In this age of #alternativefacts, it can be hard to feel confident in the media. You probably are pretty skeptical of news that you see, and you should be. Online platforms are important ways of being exposed to news. If you're reading this article, you probably accessed it from Facebook or Instagram, or linked from somewhere else online.
While some people might argue that online algorithms target news too much, you can use this to your advantage. If you 'like' certain news media sites, you will see their news appear in your feed. This definitely has the potential to be biased and one-sided, but if you pick the right news providers, you can be reading great articles about the latest climate news. Even in this day and age, there are some great independent and alternative news organisations working to bring you the facts. Not propaganda, not lies, not biased reporting- facts.
Wading through mainstream newspapers' websites for climate and environmental news can be frustrating, because that news is not their focus. In addition, the news in these papers is often pretty overwhelming and pessimistic- who wants to read for the millionth time about the polar ice caps melting? While that information is certainly true, there are articles you can read that will also give you the tools and inspiration to do something.
So, here are some suggestions for where to get trustworthy, informative, and empowering news about climate issues. This is by no means an exhaustive list, so make sure to keep reading and sharing your favorite independent news sites!
For your one-stop climate news:
- For a comprehensive mix of several news sites, climatedesk.org is your go-to. This website is a "journalistic compilation" between fourteen different news providers, from The Atlantic to Wired. Instead of having to look at so many different sites for your news, you can get all in one by going to Climatedesk. And since their focus is just on climate, you can narrow your search even more by looking under subheadings like "Weather & Climate," "Food & Health," and "Energy & Tech"- instead of just one broad 'environment' section.
For activism news:
For those who want climate news with inspiring tips and strategies to work for solutions, YES! is one of the best sites (and also a physical magazine) out there. They also focus on other social justice issues, but one of their main sections is about the planet. You can learn how to engage with your community and read about what environmental justice action is going on in the world. Their tagline is 'Powerful Ideas, Practical Action'- so if you want your environmental facts with a hefty dose of empowerment and justice, YES! is a great bet.
If you want to participate in some environmental campaigns, but don't know how or where, 350.org will give you some direction. They will give you news about grassroots activism in your area and around the world. You can even search campaigns by region or by topic. So if it seems like no one is doing anything about the climate crisis, 350.org may make you think otherwise. (The name comes from the fact that a maximum of 350 parts per million of carbon dioxide in our atmosphere is the safest for a livable planet).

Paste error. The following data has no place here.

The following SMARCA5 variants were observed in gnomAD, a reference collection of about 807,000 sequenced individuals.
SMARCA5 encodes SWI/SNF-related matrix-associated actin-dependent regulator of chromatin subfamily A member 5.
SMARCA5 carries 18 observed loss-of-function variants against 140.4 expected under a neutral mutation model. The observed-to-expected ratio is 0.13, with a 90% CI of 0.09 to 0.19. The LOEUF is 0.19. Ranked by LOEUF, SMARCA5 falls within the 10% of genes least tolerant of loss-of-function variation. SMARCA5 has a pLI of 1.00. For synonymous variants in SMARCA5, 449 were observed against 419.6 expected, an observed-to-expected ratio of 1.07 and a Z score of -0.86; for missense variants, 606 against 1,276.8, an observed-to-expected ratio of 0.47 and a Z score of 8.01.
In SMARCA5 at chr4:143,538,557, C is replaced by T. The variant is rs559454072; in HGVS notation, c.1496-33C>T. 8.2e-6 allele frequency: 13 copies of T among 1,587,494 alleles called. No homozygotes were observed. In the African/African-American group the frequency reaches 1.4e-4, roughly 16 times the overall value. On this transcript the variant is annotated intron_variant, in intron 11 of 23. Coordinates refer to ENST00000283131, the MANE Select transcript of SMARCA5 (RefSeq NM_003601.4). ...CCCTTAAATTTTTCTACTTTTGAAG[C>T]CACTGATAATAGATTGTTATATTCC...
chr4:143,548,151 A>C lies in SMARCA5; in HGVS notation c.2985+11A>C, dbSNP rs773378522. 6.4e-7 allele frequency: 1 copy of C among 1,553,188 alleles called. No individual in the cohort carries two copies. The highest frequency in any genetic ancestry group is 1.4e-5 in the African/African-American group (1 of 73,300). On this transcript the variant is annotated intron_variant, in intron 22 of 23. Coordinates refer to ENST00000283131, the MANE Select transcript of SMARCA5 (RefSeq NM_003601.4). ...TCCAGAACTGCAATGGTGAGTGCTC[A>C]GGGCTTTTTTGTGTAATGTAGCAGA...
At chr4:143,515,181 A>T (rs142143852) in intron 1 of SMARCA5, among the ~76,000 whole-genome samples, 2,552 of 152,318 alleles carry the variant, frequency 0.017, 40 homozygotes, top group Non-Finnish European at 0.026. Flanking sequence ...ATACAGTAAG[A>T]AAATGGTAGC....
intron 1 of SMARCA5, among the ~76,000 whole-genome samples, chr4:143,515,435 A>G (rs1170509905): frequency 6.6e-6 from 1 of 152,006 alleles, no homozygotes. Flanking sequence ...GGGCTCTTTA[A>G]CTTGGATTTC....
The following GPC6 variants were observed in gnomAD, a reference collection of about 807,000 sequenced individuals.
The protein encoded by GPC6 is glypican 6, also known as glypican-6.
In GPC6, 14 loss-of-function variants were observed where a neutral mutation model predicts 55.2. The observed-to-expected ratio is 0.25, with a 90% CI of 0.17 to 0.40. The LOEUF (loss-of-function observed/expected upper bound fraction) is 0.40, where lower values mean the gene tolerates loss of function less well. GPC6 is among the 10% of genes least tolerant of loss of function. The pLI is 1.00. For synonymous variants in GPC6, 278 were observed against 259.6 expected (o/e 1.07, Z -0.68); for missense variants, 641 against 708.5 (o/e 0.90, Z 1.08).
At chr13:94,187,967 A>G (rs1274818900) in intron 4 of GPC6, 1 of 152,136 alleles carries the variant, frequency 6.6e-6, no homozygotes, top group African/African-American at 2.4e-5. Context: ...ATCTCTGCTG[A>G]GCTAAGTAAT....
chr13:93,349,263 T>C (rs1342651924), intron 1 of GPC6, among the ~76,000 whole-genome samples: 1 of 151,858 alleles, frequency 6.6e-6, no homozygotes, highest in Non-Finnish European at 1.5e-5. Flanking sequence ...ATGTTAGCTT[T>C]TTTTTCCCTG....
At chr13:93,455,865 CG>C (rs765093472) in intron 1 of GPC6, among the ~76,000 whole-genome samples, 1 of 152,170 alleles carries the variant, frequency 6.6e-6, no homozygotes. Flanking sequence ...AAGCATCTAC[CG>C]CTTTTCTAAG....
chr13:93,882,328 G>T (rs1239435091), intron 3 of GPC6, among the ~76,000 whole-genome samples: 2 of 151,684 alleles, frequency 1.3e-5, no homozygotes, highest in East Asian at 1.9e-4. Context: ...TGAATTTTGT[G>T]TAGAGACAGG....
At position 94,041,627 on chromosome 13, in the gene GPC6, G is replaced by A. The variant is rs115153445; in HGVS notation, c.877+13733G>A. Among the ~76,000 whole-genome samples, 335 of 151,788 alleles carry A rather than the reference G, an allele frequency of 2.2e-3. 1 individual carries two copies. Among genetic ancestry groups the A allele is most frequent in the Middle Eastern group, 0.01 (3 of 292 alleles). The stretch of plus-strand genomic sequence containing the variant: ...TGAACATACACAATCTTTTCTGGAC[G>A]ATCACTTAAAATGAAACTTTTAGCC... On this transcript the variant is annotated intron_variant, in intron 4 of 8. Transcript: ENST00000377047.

For climate news with a bit of humor:
Grist is one of the best sites for climate news, and you won't be bored reading their articles. They focus entirely on environmental issues, with sections from 'Living' to 'Politics' and 'Justice.' Grist publishes some great investigative pieces, and they're not afraid to call out those who are inhibiting progress. They've also got a sense of humor, so you'll probably find yourself laughing a bit, somehow, while reading about environmental issues and learning about solutions.
For investigative climate journalism:
There's nothing but the facts at Mother Jones. This site (and print magazine) publishes independent investigative pieces about current issues. Though they are not wholly focused on climate change, their 'environment' section will show you stories about current events, politics, and environmental justice that you might not have heard elsewhere. There's also some less serious pieces mixed in, and articles about positive environmental news. (Mother Jones also has a whole 'media' section, so you can actually read news about the media itself).
For firsthand climate science:
Natural Resources Defense Council (nrdc.org)
The NRDC is a non-profit that does environmental protection work all over the world. They have their own scientists and lawyers, so you know that their articles about climate science and policy are coming from experts. It's not all dry facts, though- there's also practical, step-by-step tips for how you can get involved. The NRDC definitely has an agenda, and it's to protect our air, land, and water; in other words, to fight climate change. You won't find any columns by climate change deniers here- but you want the facts, don't you?
And then of course, there's us! We're here to give you all the info you need to take action as an individual, whether that's through cutting down on food miles or food waste, to letting you know how you can keep you money from supporting the fossil fuel industry.
Andie Mitchell is a university student from the United States who studies environmental studies and international affairs. She's passionate about ecofeminism, sustainable food systems, and anything else that helps the earth in the fight against climate change.
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